So, we need to assume that there exists something that is infinite to get something infinite. This already makes it incredibly difficult to ever point to some actual thing being infinite. But if we disregard the Platonic difficulties with accepting infinity (which would need us to be convinced it actually exists), we could argue in the formal way that if such a thing as infinity existed, then we could study its properties. Usually we take the set of all finite counting numbers (0,1,2,3,…), also called ordinals, as our prototype for an infinitely large collection. We could “create” such a collection by a neverending process of taking the collection of finite ordinals up to a certain size 1,2,…,n, and then making a new collection 1,2,…,n,n+1 with just one more object. If we assume what would be the result of this neverending process, we get a collection with infinitely many objects (finite ordinals in this case).
Now that we have our infinitely many ordinals, I could describe any collection of things to have an infinite size, when I could label each object in my collection with a unique (finite) ordinal. If I run out of (finite) ordinals, then I know my collection is infinite.
In fact, I wish to digress a little yet againIn fact, I wish to digress a little yet again, to discuss that there are actually many sizes of infinity. This is what gave rise to Axiomatic Set Theory, after Georg Cantor discovered this fact. There are collections that are properly larger than some infinite collection (in fact, for any infinite collection there is a strictly larger infinite collection). This might seem obvious at first sight, since we could just add more objects to an infinite collection, but this is not the case: simply adding some objects might not change the size.
For example, if I take all the even counting numbers (0,2,4,6,…), then there are just as many of them as there are general counting numbers (0,1,2,3,…): I could pair to each general counting number a unique even counting number, by pairing the number n to the number 2×n. By the above description of when two collections would have an equal size, this means that these two collections have the same size, even though “half” of the counting numbers are missing in my collection of even numbers.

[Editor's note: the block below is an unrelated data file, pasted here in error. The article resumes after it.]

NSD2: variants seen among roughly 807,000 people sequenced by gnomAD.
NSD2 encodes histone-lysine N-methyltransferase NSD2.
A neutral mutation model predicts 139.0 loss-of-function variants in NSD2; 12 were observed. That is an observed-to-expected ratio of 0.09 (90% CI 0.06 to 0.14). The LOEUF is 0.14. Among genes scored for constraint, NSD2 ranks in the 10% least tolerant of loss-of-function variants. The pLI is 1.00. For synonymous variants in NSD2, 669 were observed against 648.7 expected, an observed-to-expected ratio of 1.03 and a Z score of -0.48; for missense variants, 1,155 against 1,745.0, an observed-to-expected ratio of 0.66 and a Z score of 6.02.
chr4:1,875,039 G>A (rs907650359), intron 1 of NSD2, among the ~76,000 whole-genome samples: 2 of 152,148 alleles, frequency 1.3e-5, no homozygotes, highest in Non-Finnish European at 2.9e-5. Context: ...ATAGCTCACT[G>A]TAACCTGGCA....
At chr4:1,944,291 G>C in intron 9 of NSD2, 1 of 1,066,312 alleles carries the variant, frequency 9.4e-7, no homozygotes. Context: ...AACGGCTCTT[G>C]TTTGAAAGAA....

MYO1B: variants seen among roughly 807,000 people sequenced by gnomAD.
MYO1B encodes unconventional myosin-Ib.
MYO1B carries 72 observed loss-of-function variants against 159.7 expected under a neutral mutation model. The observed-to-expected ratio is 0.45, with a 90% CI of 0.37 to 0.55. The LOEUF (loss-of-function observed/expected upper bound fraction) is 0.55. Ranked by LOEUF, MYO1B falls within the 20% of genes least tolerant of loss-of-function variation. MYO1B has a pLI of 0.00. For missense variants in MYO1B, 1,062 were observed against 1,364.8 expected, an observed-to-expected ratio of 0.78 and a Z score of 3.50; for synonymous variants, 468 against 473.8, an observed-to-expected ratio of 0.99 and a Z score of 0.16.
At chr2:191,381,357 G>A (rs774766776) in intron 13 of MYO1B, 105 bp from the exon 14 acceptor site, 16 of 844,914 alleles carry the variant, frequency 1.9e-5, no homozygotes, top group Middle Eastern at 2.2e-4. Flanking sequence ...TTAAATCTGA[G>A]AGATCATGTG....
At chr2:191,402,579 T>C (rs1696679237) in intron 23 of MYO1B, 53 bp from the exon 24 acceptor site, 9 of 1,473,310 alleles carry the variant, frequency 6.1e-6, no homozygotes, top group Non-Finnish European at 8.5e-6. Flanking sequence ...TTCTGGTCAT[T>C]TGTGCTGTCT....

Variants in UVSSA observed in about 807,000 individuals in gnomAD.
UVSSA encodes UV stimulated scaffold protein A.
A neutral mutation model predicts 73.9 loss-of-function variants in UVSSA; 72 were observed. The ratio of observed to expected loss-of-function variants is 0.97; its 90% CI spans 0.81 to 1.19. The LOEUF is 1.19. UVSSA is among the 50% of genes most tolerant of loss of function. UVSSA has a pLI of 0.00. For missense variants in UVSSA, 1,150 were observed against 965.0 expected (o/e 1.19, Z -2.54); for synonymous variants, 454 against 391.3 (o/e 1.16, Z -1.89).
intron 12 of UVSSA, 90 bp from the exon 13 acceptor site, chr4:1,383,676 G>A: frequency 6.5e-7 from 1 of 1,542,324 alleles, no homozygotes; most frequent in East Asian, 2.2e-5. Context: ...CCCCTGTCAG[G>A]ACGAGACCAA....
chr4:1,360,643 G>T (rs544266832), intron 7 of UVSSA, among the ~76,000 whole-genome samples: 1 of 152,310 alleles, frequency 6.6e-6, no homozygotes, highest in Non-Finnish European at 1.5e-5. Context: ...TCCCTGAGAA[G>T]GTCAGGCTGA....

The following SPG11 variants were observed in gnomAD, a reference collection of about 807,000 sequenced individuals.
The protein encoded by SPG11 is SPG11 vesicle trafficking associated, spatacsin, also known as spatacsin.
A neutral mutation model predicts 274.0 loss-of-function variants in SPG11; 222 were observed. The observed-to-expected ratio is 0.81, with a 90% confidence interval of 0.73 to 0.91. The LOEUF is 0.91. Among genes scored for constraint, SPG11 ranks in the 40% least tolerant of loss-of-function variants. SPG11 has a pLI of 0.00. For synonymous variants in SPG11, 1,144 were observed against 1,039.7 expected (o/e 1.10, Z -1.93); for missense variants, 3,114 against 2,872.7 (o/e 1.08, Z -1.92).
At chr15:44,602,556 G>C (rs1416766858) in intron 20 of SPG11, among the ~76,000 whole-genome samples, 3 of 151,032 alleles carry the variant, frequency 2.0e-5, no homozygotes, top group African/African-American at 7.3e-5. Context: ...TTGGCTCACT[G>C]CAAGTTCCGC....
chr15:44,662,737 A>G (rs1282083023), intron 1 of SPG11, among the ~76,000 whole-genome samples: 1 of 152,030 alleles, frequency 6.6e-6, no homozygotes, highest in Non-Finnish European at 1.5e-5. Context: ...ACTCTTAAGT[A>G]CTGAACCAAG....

However, there are properly larger collections, such as the collection of real numbers. The proof that this is true is one of the most beautiful mathematical proofs out there, and not too difficult to understand. It’s called Cantor’s diagonal argument, and I highly recommend reading it.
Here's the promised digression about that I believe it impossible to find the truth
Mathematical proofs are in the end based on some assumptions. Simply speaking, we can’t start without something. In the early 19th century, a school of mathematics arose that was specifically interested in describing a sufficient set of these starting assumptions, called axioms that were strong enough to prove all of mathematics in a very formal, logically sound way. The philosophy of this school was called logicism, made particularly famous by the attempts of Bertrand Russel and Alfred North Whitehead, resulting in the Principia Mathematica.